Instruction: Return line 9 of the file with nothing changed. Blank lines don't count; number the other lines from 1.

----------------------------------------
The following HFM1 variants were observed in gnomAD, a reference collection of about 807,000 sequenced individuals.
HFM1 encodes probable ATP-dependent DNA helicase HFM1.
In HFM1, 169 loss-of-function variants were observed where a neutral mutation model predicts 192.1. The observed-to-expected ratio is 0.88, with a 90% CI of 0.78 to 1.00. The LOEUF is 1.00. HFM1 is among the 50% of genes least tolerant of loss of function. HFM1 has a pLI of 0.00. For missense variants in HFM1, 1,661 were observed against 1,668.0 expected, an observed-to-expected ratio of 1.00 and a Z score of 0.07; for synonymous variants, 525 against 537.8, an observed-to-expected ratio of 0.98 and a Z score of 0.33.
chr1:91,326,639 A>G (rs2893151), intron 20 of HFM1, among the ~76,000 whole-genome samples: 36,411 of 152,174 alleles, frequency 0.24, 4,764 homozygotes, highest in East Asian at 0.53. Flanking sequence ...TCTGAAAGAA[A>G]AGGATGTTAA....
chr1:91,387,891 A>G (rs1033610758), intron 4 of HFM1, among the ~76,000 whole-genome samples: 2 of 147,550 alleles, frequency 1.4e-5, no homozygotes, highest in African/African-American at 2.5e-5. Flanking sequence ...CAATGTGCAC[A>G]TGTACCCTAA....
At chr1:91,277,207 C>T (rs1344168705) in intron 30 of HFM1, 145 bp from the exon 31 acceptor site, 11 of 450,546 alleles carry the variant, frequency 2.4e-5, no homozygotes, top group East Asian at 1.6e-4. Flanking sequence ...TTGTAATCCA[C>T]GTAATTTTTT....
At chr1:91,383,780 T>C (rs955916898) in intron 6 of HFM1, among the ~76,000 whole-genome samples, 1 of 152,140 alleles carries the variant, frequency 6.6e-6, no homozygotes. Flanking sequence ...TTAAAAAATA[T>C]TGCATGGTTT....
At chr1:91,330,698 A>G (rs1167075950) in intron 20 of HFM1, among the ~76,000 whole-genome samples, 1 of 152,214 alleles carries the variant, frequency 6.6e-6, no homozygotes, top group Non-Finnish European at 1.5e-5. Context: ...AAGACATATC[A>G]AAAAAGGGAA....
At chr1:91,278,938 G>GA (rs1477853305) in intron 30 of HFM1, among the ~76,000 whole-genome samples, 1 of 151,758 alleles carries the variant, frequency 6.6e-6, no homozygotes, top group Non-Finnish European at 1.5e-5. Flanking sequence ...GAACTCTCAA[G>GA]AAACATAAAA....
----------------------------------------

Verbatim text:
At chr1:91,278,938 G>GA (rs1477853305) in intron 30 of HFM1, among the ~76,000 whole-genome samples, 1 of 151,758 alleles carries the variant, frequency 6.6e-6, no homozygotes, top group Non-Finnish European at 1.5e-5. Flanking sequence ...GAACTCTCAA[G>GA]AAACATAAAA....